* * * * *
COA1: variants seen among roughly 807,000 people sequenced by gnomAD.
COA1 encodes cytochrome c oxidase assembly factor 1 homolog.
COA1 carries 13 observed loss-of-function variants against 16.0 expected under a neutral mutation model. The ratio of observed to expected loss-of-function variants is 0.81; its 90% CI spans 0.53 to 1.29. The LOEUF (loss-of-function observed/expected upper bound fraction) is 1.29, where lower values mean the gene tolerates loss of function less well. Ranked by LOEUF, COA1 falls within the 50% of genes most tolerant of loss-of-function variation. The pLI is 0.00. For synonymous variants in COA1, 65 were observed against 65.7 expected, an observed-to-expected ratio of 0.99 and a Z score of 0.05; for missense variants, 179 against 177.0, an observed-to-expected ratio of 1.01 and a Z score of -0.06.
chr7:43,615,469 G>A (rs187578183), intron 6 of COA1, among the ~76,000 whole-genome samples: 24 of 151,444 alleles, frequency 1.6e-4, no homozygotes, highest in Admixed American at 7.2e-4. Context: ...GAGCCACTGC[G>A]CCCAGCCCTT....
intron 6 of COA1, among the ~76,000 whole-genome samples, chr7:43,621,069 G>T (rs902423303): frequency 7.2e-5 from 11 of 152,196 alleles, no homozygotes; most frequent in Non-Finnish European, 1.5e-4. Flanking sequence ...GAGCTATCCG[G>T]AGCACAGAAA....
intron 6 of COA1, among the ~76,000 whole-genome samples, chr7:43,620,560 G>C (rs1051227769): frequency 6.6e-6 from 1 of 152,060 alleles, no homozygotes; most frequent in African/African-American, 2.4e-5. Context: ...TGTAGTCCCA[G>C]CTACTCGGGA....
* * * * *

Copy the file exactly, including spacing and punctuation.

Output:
COA1: variants seen among roughly 807,000 people sequenced by gnomAD.
COA1 encodes cytochrome c oxidase assembly factor 1 homolog.
COA1 carries 13 observed loss-of-function variants against 16.0 expected under a neutral mutation model. The ratio of observed to expected loss-of-function variants is 0.81; its 90% CI spans 0.53 to 1.29. The LOEUF (loss-of-function observed/expected upper bound fraction) is 1.29, where lower values mean the gene tolerates loss of function less well. Ranked by LOEUF, COA1 falls within the 50% of genes most tolerant of loss-of-function variation. The pLI is 0.00. For synonymous variants in COA1, 65 were observed against 65.7 expected, an observed-to-expected ratio of 0.99 and a Z score of 0.05; for missense variants, 179 against 177.0, an observed-to-expected ratio of 1.01 and a Z score of -0.06.
chr7:43,615,469 G>A (rs187578183), intron 6 of COA1, among the ~76,000 whole-genome samples: 24 of 151,444 alleles, frequency 1.6e-4, no homozygotes, highest in Admixed American at 7.2e-4. Context: ...GAGCCACTGC[G>A]CCCAGCCCTT....
intron 6 of COA1, among the ~76,000 whole-genome samples, chr7:43,621,069 G>T (rs902423303): frequency 7.2e-5 from 11 of 152,196 alleles, no homozygotes; most frequent in Non-Finnish European, 1.5e-4. Flanking sequence ...GAGCTATCCG[G>T]AGCACAGAAA....
intron 6 of COA1, among the ~76,000 whole-genome samples, chr7:43,620,560 G>C (rs1051227769): frequency 6.6e-6 from 1 of 152,060 alleles, no homozygotes; most frequent in African/African-American, 2.4e-5. Context: ...TGTAGTCCCA[G>C]CTACTCGGGA....